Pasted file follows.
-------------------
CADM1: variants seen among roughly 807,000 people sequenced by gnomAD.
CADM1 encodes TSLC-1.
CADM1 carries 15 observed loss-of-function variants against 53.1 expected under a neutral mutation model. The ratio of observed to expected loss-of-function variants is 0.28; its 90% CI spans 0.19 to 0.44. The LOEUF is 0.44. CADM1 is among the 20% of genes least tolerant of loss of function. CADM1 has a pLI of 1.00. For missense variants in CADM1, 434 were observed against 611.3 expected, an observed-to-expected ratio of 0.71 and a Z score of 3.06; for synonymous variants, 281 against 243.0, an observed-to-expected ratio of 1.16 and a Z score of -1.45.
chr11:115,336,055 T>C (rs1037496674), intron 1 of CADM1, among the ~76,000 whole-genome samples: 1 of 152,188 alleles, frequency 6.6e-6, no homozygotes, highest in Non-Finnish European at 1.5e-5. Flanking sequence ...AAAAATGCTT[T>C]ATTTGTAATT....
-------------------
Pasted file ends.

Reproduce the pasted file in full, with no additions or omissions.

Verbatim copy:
CADM1: variants seen among roughly 807,000 people sequenced by gnomAD.
CADM1 encodes TSLC-1.
CADM1 carries 15 observed loss-of-function variants against 53.1 expected under a neutral mutation model. The ratio of observed to expected loss-of-function variants is 0.28; its 90% CI spans 0.19 to 0.44. The LOEUF is 0.44. CADM1 is among the 20% of genes least tolerant of loss of function. CADM1 has a pLI of 1.00. For missense variants in CADM1, 434 were observed against 611.3 expected, an observed-to-expected ratio of 0.71 and a Z score of 3.06; for synonymous variants, 281 against 243.0, an observed-to-expected ratio of 1.16 and a Z score of -1.45.
chr11:115,336,055 T>C (rs1037496674), intron 1 of CADM1, among the ~76,000 whole-genome samples: 1 of 152,188 alleles, frequency 6.6e-6, no homozygotes, highest in Non-Finnish European at 1.5e-5. Flanking sequence ...AAAAATGCTT[T>C]ATTTGTAATT....